NASA wants our help snagging an asteroid.
On Tuesday, NASA announced an Asteroid Grand Challenge that solicits the public’s help in proposing asteroid-wrangling strategies for the agency’s Asteroid Initiative.
"NASA already is working to find asteroids that might be a threat to our planet, and while we have found 95 percent of the large asteroids near the Earth's orbit, we need to find all those that might be a threat to Earth," said NASA Deputy Administrator Lori Garver, in a press release. "This Grand Challenge is focused on detecting and characterizing asteroids and learning how to deal with potential threats. We will also harness public engagement, open innovation and citizen science to help solve this global problem."
NASA’s Asteroid Initiative includes the capture and redirection of a 500-ton near-Earth asteroid into a stable orbit as well as missions to send astronauts to asteroids. According to the initiative’s current timeline, NASA will assess asteroid candidates until 2016, launch a mission to the asteroid in 2017, capture the asteroid in 2019, and send it into trans-lunar orbit in 2021. Throughout that timeline, NASA will test the unmanned Orion spacecraft, in hopes of sending a manned mission aboard the craft in 2021.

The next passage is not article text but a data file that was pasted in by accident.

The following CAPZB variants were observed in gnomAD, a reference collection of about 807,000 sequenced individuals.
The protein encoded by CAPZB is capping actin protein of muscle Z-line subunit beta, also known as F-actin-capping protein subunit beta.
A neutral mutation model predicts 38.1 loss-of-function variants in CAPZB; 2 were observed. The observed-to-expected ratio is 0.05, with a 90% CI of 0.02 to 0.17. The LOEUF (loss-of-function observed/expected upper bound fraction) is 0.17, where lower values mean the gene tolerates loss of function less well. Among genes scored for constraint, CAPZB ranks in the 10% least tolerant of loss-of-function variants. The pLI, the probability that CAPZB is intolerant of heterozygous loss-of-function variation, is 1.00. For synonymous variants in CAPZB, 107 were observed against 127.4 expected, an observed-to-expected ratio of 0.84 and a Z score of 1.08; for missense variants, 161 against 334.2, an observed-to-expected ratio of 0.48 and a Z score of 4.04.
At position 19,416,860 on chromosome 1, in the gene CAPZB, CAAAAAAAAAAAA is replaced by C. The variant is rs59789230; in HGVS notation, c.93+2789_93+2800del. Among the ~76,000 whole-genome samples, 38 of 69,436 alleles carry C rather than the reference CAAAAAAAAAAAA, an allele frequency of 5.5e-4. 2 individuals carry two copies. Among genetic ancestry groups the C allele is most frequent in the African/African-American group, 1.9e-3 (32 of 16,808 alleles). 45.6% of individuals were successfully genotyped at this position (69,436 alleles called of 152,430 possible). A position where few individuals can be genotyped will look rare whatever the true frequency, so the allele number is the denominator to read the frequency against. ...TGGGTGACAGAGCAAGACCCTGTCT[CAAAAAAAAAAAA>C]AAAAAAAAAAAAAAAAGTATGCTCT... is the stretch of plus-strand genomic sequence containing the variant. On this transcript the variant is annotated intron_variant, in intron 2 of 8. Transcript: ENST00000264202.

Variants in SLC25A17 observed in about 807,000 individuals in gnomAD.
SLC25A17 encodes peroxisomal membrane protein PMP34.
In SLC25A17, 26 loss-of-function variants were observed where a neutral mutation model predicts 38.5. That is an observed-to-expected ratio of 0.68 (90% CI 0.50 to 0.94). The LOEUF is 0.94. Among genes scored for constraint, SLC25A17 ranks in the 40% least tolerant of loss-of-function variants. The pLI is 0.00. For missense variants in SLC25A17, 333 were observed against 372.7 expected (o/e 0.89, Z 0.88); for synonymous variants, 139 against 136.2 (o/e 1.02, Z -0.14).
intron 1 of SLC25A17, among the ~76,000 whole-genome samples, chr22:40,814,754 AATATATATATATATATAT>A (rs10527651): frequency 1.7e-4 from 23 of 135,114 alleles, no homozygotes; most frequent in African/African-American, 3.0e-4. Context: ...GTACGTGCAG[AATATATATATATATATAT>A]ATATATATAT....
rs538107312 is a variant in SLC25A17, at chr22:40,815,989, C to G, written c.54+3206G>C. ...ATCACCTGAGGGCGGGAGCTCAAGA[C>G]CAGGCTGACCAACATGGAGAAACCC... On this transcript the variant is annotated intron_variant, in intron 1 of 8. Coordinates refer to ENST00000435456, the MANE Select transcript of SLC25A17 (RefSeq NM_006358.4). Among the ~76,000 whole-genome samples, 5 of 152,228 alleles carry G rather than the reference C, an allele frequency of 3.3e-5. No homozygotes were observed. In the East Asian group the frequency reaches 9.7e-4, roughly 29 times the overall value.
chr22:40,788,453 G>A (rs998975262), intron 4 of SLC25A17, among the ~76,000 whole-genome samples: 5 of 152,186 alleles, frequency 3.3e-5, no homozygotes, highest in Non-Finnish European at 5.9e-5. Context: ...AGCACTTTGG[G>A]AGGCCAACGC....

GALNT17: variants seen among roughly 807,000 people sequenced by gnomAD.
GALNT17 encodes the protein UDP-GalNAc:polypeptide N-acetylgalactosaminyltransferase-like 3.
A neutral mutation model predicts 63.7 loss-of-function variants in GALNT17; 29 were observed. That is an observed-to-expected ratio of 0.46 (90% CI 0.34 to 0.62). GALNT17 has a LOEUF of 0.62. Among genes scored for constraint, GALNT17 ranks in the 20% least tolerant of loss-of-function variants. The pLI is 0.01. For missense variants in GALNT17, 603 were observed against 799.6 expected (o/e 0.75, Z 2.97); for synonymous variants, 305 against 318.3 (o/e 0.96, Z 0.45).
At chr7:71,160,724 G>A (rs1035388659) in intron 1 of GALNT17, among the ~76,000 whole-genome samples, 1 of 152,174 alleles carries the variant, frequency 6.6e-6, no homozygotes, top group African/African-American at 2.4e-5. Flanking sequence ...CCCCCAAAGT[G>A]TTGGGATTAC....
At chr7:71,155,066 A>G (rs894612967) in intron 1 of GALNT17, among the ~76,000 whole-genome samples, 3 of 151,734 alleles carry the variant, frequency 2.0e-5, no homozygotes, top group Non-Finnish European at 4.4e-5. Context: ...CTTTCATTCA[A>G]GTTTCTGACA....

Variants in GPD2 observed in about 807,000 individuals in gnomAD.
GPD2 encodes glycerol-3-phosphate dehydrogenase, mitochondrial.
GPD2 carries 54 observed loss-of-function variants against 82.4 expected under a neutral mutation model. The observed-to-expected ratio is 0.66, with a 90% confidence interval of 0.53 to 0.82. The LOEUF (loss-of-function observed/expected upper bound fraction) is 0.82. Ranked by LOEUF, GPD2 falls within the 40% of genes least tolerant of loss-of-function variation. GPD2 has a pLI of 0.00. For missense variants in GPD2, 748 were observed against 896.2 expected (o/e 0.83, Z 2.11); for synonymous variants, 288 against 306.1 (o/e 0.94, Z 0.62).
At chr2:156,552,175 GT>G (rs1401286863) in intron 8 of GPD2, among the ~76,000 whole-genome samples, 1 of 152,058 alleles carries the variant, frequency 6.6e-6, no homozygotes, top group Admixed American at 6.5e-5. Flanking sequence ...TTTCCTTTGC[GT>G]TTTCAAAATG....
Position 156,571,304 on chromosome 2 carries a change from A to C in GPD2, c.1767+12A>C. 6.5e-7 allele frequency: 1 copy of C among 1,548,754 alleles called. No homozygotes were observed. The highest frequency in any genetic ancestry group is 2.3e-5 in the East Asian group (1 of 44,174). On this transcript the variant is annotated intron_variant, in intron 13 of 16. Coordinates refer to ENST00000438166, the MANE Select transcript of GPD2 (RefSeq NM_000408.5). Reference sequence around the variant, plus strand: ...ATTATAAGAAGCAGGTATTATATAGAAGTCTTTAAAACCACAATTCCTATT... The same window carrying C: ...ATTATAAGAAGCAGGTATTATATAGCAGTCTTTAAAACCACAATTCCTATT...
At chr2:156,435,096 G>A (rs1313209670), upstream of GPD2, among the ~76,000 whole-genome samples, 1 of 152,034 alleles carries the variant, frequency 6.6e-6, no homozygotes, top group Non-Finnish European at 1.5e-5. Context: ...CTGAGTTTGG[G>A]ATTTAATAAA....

That timeline is ahead of the president’s goal to send humans to an asteroid by 2025 and a manned mission to Mars by the 2030s. Efforts to develop the technology to deflect asteroids have become particularly meaningful since a meteor plunged to the earth near the Russian city of Chelyabinsk in February, killing no one but reminding us of our vulnerability here on Earth.
The space agency’s outline for how it will capture an asteroid is still vague – and that’s why it wants the public’s help.
The Asteroid Grand Challenge is an effort to develop collaborations with government agencies, international partners, industry, and academia, as well as citizen scientists. At the same time, NASA has also put out a Request for Information, which will be open for 30 days for the agency’s potential partners to submit their asteroid-grabbing ideas.
NASA is asking $17.7 billion from the president for the fiscal year 2014, $105 million of which would go to the Asteroid Initiative.
This is not the only Grand Challenge from the space agency. NASA has also requested the public's help on open questions like space colonization, economic space travel, and telepresence in space.
Asteroids champ John McAllister, are you up for NASA's challenge?